What Type of Manager Do You Want to Be?

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Entrepreneur Vivek Wadhwa said, “A key to achieving success is to assemble a strong and stable management team.” Whether you are new to management or you are looking to hone your leadership skills, you recognize that your actions can play an important role in the performance of the business you work for.

There are different styles of leadership, and each one comes with benefits and drawbacks.


Image via Flickr by The Open University (OU)

Writing for the Small Business Chronicle, Kevin Johnson of Demand Media called this type of leader an “affiliative leader.” An affiliative leader:

  • Pays attention to team members’ emotions
  • Strives to find ways to make sure everyone is satisfied with their role
  • Offers one-on-one training if necessary
  • Finds ways to make mundane tasks more interesting

One study cited on Fast Company’s website found that happy employees may be 12 percent more productive than unhappy employees. Hence, this nurturing approach to management may be able to boost team performance.

The downside to being nurturing is that if you focus too much on making your team happy, you may hesitate to take disciplinary action when it is necessary.


Writing for the Huffington Post, one expert calls the authoritative style “directive” and “coercive.” This type of leader provides no-nonsense direction and carefully observes what employees do. Discipline and threats are prominent in this management style.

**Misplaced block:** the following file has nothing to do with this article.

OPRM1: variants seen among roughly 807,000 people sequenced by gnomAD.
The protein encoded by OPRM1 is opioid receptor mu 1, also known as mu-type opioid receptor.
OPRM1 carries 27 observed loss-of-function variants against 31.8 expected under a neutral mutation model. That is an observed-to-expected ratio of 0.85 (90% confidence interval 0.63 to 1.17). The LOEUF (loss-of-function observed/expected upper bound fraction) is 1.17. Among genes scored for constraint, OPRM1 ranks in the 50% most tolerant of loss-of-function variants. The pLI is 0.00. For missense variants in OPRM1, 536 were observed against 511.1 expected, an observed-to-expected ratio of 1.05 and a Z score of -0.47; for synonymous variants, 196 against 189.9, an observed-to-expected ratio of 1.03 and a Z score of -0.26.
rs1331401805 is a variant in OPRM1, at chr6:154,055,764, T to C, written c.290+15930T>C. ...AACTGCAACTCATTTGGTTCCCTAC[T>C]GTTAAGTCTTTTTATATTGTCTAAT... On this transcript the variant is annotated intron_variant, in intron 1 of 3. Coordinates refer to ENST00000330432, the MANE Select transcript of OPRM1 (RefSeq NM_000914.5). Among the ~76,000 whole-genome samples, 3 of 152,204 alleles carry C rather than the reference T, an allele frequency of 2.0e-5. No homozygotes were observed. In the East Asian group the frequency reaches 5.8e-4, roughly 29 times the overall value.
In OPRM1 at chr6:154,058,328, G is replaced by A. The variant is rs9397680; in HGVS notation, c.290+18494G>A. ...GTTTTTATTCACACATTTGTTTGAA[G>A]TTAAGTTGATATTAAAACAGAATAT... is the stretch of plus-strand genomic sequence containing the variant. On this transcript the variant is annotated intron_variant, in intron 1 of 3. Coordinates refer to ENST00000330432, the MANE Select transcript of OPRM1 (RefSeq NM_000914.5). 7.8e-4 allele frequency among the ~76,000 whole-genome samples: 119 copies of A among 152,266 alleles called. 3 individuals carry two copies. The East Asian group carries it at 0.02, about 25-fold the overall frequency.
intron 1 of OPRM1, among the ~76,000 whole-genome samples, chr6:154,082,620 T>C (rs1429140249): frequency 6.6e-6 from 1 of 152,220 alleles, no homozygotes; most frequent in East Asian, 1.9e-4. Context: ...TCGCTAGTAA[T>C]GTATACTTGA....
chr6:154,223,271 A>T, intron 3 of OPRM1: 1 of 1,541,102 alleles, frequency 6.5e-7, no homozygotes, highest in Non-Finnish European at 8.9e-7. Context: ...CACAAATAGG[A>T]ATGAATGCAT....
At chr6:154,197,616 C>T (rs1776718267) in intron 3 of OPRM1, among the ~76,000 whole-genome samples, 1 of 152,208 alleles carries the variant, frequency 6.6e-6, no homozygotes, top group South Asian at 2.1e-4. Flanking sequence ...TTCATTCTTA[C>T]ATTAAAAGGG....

This style of leadership may be effective in crisis situations when there is no time for hesitation or for coddling team members’ feelings. However, it could also alienate team members and hinder open communication.


A writer for Entrepreneur calls this type of leader an “in charge” person. That is, someone who has clear goals in mind for the team and doesn’t hesitate to direct others. The focus is often on measurable achievements.

A visionary manager can:

  • Guide a team forward by analyzing numbers and identifying weak spots in performance.
  • Can garner respect from his or her team, according to the abovementioned Huffington Post article.

The same article mentions, however, that this style of leadership may not be effective when some team members are in need of personal development and guidance.

Example Setting

Writing for Inc., Brent Gleeson, CMO of Internet Marketing, Inc., says that one of the best ways to lead by example is to “get your hands dirty.” Know some of the technical details of what your team members are doing, and don’t shy away from doing seemingly menial tasks if there is no one else available to complete them.

Leading by example may help you seem more approachable and more human to your team members, thus fostering a positive spirit. However, it may benefit you to be cautious not to get so wrapped up in participating in team tasks that you lose sight of the bigger picture.

Choosing Your Management Style

Profiles International, a company that provides talent management services, has a post on its website with the title, “Flexibility and Adaptability: Critical Traits of Effective Managers.” Indeed, as you learn how to manage others, you may find that switching between management styles in different situations is key for success in the workplace.

By studying and trying out different management techniques, you may be able to find a leadership style that both fits your personality and helps you guide your team toward its goals.